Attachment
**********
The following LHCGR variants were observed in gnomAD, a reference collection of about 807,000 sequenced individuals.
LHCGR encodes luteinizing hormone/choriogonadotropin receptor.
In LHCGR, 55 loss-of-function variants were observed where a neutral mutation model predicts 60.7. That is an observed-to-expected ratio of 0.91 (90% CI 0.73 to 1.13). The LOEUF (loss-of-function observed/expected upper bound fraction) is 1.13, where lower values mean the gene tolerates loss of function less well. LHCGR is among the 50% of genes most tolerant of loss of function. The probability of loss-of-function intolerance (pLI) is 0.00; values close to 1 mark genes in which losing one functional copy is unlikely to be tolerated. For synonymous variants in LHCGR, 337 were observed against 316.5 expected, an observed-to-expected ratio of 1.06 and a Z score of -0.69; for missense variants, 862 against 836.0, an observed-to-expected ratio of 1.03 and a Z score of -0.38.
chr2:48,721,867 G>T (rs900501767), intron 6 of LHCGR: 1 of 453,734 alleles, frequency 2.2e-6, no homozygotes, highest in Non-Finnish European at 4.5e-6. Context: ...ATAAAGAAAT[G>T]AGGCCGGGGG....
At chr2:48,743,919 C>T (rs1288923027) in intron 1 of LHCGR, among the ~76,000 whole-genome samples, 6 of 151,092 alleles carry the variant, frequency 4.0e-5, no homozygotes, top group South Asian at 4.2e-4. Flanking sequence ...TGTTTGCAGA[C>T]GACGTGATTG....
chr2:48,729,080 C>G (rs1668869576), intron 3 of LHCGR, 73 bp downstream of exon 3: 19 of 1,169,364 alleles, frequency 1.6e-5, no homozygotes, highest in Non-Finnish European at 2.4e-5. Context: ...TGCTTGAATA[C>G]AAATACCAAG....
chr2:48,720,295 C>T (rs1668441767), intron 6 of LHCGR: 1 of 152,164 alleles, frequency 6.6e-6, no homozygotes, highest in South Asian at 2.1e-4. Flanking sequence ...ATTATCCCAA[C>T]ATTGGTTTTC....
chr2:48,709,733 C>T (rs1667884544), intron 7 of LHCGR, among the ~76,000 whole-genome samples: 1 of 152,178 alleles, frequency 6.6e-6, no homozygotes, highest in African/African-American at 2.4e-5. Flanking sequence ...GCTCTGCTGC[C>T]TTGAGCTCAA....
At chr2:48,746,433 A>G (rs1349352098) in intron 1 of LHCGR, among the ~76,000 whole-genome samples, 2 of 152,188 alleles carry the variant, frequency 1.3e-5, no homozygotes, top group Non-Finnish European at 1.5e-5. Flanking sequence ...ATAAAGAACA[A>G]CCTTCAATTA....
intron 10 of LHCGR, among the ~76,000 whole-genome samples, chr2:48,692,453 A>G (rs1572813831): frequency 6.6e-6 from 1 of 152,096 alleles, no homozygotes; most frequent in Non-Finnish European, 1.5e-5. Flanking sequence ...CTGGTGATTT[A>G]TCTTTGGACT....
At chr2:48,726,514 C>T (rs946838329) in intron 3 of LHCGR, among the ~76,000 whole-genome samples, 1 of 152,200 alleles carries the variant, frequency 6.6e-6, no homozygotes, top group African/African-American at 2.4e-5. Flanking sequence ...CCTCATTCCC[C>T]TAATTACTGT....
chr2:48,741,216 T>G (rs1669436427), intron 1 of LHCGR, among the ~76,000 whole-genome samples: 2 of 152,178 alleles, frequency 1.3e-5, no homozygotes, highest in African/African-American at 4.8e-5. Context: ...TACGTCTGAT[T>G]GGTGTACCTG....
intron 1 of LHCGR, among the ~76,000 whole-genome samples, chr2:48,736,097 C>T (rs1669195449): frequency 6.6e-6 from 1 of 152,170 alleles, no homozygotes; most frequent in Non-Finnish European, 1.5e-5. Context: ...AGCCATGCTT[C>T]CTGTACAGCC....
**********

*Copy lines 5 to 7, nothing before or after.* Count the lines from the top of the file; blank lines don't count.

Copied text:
At chr2:48,743,919 C>T (rs1288923027) in intron 1 of LHCGR, among the ~76,000 whole-genome samples, 6 of 151,092 alleles carry the variant, frequency 4.0e-5, no homozygotes, top group South Asian at 4.2e-4. Flanking sequence ...TGTTTGCAGA[C>T]GACGTGATTG....
chr2:48,729,080 C>G (rs1668869576), intron 3 of LHCGR, 73 bp downstream of exon 3: 19 of 1,169,364 alleles, frequency 1.6e-5, no homozygotes, highest in Non-Finnish European at 2.4e-5. Context: ...TGCTTGAATA[C>G]AAATACCAAG....
chr2:48,720,295 C>T (rs1668441767), intron 6 of LHCGR: 1 of 152,164 alleles, frequency 6.6e-6, no homozygotes, highest in South Asian at 2.1e-4. Flanking sequence ...ATTATCCCAA[C>T]ATTGGTTTTC....